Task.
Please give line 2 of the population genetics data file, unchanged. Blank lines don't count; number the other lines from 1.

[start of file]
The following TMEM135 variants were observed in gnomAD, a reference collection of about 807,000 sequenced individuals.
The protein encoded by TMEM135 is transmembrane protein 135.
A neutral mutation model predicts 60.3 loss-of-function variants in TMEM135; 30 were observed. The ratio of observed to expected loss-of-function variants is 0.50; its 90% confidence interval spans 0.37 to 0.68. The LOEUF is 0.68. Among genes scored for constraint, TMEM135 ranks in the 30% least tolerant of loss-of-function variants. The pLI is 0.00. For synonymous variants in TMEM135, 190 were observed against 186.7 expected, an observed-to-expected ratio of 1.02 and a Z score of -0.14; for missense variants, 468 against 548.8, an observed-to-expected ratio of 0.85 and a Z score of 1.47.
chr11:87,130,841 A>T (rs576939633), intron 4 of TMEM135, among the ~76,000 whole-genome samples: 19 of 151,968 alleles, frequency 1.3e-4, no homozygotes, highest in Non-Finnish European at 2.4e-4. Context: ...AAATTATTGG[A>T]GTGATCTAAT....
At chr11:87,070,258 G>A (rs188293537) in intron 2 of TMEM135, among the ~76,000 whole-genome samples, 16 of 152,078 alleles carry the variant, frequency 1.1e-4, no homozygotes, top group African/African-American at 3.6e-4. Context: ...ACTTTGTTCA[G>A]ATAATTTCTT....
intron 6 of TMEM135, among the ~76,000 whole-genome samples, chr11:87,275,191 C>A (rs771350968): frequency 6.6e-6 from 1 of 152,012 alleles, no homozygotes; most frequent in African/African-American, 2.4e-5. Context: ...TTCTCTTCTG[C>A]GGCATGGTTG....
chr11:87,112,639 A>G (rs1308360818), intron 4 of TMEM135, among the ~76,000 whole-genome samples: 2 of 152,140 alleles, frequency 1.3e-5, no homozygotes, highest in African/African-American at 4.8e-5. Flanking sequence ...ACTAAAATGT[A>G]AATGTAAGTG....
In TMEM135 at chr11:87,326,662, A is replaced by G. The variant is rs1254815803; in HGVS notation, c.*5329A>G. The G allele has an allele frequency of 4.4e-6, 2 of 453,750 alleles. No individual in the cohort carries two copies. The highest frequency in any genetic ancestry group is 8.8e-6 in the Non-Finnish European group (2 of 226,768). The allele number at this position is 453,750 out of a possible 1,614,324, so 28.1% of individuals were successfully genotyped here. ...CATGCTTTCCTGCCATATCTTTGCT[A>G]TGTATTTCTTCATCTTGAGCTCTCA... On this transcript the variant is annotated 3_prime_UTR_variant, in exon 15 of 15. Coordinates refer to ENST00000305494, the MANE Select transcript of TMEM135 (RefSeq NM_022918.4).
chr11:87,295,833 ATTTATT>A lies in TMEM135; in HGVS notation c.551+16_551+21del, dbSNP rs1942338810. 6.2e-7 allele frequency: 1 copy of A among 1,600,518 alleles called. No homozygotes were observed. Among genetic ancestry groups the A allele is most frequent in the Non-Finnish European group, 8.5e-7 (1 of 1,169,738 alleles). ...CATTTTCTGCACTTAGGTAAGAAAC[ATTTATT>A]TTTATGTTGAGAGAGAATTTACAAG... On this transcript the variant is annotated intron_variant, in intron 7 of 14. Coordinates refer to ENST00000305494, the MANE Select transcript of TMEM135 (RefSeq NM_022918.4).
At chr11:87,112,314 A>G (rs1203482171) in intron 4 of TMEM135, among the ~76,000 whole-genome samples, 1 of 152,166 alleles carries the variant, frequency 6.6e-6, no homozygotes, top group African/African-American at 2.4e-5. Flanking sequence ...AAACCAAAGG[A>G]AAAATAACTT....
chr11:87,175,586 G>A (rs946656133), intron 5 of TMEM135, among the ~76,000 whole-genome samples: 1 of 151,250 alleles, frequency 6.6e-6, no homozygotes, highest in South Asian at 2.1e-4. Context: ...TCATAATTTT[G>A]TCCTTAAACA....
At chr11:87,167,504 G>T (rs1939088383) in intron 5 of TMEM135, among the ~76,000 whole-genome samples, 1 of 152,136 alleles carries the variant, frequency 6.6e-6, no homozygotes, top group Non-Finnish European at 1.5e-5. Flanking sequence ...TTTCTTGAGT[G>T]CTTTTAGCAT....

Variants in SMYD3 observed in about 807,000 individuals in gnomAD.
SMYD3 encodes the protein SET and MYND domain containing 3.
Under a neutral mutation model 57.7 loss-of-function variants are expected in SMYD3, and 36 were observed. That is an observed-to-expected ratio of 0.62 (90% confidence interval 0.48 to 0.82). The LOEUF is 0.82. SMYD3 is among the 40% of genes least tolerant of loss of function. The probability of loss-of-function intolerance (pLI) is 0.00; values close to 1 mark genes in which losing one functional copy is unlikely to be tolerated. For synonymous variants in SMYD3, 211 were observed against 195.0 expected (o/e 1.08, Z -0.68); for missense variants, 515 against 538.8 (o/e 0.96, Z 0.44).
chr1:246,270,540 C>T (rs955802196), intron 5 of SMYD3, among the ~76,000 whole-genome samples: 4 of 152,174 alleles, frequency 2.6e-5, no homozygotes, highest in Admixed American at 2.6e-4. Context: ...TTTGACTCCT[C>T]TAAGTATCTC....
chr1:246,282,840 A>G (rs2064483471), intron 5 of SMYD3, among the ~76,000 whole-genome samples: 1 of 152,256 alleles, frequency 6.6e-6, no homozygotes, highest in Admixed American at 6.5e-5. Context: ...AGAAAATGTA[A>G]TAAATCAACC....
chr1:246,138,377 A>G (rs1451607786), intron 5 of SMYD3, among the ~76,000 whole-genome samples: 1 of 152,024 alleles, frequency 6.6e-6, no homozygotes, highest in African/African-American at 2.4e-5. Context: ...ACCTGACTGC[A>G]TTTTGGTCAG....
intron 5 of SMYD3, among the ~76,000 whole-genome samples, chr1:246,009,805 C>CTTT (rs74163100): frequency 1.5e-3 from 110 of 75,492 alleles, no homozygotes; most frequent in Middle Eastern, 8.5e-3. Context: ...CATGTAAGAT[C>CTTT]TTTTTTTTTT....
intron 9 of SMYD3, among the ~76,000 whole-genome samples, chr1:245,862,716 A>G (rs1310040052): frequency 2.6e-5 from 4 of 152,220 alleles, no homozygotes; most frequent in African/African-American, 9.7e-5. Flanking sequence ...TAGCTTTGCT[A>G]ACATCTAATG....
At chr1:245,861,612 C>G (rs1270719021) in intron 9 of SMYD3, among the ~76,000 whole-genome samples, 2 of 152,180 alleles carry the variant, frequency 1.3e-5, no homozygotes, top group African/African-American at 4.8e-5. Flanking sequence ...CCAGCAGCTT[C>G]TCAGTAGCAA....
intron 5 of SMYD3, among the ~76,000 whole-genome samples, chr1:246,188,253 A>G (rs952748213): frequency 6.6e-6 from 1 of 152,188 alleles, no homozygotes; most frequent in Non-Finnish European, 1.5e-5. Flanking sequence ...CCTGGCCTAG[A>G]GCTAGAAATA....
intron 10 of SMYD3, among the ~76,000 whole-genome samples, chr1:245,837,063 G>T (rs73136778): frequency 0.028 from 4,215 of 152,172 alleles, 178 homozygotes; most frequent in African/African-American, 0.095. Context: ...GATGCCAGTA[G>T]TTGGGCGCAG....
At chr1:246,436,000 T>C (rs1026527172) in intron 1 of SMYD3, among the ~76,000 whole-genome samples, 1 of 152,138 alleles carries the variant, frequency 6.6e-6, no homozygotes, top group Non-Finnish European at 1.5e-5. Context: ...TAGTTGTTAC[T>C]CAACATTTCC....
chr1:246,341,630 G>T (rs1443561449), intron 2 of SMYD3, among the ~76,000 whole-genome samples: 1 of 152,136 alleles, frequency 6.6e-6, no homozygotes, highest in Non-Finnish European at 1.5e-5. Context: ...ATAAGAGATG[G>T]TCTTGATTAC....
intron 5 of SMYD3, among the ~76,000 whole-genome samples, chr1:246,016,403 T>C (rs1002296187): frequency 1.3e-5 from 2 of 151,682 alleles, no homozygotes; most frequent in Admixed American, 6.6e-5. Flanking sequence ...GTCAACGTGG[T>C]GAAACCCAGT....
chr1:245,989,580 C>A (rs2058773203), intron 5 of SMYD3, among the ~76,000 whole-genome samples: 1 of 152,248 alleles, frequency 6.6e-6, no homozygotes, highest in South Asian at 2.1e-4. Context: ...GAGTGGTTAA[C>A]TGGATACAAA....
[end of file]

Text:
The protein encoded by TMEM135 is transmembrane protein 135.